May 8, 2009, 5:02 AM
Despite the relentless efforts made by government to stem the skyrocketing living expenses, notably prices of basic commodities and rent, Hon. Tombong Jatta, Majority Leader and National Assembly Member (NAM) for Serrekunda East, has taken issue with the way and manner in which some landlords and businessmen treat average Gambians.
A visibly disturbed Hon. Jatta, who was contributing to the motion on the adjournment on Tuesday, asserted that though people could buy land as much as they may desire, they should not go to an extent that deprives poor people who do not have the capacity to buy land.
"We must be able to look at this problem. Some landlords ask for about six to ten months advance payment for a worker earning D1000 to feed a family, pay rent, school fees, medical bills, among other things," he lamented.
According to the Serrekunda East parliamentarian, it behoves the National Assembly to come up with strategies to confront the issue. "We must solve this issue. We can solve it and am sure we will solve it."
Turning to the issue of the price of commodities, the Majority Leader expressed disappointment with certain businessmen, accusing them of monopolising certain sectors of our economy.
"You don't expect to live in peace when your neighbour has nothing to eat with his family. The only time you can have peace with as much money you have is to ensure that everybody enjoys the basics of life," he said, adding that in the absence of that, one could hardly live in peace.
He therefore called on all to begin to organise themselves to serve in the price control efforts. "As consumers, we must begin to protect ourselves because more often than not, it is very difficult in this country for people to come together to fight for a common cause."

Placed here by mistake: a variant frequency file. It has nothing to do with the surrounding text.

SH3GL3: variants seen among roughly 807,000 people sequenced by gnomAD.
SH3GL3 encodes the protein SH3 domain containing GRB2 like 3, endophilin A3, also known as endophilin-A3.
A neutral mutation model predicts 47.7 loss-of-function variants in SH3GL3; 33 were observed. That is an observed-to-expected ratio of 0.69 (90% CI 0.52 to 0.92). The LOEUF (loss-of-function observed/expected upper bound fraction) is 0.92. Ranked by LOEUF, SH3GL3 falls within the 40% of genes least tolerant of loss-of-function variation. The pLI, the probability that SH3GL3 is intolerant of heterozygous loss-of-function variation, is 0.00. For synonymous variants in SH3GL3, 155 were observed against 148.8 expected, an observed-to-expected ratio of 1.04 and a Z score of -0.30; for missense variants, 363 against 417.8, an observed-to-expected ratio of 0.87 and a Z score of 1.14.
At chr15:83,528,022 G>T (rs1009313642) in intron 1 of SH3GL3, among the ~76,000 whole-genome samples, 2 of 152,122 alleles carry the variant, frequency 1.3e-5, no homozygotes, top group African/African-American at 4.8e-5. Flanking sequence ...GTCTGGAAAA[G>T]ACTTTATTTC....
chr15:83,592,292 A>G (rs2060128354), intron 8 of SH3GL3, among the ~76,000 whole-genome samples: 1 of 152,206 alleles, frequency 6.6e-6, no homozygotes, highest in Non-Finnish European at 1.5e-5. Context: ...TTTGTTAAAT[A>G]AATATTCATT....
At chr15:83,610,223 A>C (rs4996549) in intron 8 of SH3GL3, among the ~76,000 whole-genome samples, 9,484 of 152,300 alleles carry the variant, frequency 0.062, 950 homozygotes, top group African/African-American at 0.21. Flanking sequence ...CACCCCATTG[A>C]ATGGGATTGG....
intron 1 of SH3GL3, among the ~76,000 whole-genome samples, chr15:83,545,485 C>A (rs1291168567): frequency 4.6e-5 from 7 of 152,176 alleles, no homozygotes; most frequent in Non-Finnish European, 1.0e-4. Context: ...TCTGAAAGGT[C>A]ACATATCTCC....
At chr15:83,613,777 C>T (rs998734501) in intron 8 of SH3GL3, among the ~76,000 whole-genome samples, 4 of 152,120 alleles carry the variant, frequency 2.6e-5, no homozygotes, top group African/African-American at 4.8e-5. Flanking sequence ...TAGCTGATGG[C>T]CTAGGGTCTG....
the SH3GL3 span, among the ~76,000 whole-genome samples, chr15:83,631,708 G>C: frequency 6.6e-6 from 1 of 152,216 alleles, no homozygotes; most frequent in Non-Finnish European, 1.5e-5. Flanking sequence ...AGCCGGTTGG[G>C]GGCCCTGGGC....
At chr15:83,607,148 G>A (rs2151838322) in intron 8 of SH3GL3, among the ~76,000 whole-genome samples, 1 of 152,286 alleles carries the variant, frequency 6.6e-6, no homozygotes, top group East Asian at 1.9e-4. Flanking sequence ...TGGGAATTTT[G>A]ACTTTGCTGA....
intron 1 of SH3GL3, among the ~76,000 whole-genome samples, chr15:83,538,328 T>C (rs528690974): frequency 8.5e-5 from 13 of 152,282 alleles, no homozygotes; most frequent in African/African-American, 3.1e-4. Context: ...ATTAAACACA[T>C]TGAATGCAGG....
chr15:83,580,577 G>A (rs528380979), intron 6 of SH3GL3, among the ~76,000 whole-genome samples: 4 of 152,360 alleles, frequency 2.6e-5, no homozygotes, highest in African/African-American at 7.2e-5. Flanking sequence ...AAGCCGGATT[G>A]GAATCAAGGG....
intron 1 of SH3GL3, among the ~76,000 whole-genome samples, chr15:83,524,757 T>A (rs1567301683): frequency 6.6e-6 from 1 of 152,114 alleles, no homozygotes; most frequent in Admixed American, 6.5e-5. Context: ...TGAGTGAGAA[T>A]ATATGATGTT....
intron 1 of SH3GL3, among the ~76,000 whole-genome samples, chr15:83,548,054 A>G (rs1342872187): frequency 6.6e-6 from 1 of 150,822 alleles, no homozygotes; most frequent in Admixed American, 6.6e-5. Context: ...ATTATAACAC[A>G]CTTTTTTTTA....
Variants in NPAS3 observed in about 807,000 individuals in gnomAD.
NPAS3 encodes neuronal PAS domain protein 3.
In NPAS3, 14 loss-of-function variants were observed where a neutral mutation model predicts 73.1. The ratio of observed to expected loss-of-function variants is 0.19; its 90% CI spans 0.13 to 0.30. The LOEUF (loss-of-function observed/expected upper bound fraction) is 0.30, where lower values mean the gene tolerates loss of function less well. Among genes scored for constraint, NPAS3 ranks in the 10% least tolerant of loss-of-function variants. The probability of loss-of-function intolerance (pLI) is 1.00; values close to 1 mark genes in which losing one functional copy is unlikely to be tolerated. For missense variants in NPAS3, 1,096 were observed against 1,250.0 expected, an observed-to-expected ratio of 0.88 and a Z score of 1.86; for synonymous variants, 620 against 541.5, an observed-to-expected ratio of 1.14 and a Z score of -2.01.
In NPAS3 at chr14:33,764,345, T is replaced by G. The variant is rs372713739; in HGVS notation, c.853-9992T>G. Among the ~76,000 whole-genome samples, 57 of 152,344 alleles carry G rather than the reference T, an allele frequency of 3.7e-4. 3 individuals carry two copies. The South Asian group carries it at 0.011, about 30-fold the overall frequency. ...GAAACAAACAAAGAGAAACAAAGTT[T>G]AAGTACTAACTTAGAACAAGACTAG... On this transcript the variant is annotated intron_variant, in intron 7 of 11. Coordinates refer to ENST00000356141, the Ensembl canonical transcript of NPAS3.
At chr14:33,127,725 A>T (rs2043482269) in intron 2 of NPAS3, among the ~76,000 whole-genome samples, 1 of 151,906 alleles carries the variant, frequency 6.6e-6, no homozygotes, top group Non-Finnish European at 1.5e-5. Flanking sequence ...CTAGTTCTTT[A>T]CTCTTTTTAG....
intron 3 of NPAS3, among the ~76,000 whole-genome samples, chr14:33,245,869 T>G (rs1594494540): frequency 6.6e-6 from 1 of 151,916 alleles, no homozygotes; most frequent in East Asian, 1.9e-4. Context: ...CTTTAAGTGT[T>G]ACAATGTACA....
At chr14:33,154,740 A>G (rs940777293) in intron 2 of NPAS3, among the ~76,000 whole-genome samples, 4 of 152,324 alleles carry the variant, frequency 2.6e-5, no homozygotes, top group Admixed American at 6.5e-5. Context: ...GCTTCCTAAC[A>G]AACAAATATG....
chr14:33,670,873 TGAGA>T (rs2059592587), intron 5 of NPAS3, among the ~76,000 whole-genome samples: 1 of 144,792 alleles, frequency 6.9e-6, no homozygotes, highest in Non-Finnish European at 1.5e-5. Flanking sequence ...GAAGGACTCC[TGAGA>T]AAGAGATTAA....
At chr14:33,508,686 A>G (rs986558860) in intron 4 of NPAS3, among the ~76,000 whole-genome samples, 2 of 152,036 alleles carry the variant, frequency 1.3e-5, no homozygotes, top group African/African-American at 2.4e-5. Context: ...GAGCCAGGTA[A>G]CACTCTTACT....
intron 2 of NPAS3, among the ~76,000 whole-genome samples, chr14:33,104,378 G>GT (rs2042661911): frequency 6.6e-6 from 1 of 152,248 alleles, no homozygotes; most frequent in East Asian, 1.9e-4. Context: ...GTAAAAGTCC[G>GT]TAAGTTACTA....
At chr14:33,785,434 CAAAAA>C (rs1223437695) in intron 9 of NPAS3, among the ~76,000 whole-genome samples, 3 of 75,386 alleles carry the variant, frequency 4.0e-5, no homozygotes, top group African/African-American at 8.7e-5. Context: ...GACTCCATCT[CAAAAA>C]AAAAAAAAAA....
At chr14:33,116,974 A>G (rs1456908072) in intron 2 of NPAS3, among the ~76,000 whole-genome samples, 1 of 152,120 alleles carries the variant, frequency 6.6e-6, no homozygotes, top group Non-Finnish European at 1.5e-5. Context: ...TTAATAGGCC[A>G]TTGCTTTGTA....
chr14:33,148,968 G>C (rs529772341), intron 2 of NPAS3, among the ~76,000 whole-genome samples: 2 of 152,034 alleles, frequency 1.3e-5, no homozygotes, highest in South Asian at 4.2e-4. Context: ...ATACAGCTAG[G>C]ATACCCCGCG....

To Hon. Jatta, the ball is in the National Assembly's court to help the leadership of the country, the policy programmes and the dictates of the 1997 constitution to ensure that they no longer harbour or encourage individuals or institutions that would want to survive at all costs to the detriment of the average Gambian.
Seconding the motion for adjournment, Hon. Sedia Jatta, NAM for Wuli West constituency, said: "That is why it is crucially important that individuals in each given nation are given priority in such a way that they feel that they are human beings, that they feel that they have responsibilities, that they feel that they have a belonging."
According to Hon. Jatta, the fundamental problem of the African continent is that people do not have a national conscience. "This is the fundamental mistake of the first generation of politicians in Africa. The issue of a national conscience has never been established and inculcated. We don't feel a national belonging and therefore, we don't have a national commitment," he added.